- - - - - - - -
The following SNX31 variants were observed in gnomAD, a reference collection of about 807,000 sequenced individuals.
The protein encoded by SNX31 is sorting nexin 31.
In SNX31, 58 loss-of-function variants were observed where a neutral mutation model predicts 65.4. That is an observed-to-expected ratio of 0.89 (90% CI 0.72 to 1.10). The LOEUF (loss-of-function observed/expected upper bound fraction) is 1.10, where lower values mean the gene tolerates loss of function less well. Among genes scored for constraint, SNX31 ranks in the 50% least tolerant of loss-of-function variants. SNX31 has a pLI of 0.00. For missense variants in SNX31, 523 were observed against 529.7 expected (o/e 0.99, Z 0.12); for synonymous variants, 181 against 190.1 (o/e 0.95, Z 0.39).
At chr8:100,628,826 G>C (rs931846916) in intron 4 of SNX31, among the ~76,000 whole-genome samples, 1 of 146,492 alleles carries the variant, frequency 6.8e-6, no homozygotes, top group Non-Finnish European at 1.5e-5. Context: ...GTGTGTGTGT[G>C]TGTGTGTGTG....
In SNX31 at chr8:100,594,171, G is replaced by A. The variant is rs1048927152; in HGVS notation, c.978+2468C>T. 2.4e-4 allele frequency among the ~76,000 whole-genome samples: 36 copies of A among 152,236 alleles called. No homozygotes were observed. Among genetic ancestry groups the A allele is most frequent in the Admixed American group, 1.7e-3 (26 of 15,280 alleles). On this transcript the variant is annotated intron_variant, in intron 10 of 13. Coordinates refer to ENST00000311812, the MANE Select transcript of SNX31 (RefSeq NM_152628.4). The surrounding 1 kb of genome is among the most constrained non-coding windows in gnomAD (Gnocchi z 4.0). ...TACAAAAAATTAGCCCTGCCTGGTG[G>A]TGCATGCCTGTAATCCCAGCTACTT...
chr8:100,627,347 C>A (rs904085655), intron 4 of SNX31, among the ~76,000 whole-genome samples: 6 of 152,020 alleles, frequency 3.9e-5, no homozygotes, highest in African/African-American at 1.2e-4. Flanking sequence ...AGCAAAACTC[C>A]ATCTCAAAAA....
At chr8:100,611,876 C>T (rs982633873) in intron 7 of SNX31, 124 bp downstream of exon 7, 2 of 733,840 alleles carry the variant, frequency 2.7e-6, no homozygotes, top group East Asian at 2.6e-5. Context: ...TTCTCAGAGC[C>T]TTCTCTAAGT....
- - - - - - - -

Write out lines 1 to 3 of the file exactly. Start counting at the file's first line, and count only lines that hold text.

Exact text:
The following SNX31 variants were observed in gnomAD, a reference collection of about 807,000 sequenced individuals.
The protein encoded by SNX31 is sorting nexin 31.
In SNX31, 58 loss-of-function variants were observed where a neutral mutation model predicts 65.4. That is an observed-to-expected ratio of 0.89 (90% CI 0.72 to 1.10). The LOEUF (loss-of-function observed/expected upper bound fraction) is 1.10, where lower values mean the gene tolerates loss of function less well. Among genes scored for constraint, SNX31 ranks in the 50% least tolerant of loss-of-function variants. SNX31 has a pLI of 0.00. For missense variants in SNX31, 523 were observed against 529.7 expected (o/e 0.99, Z 0.12); for synonymous variants, 181 against 190.1 (o/e 0.95, Z 0.39).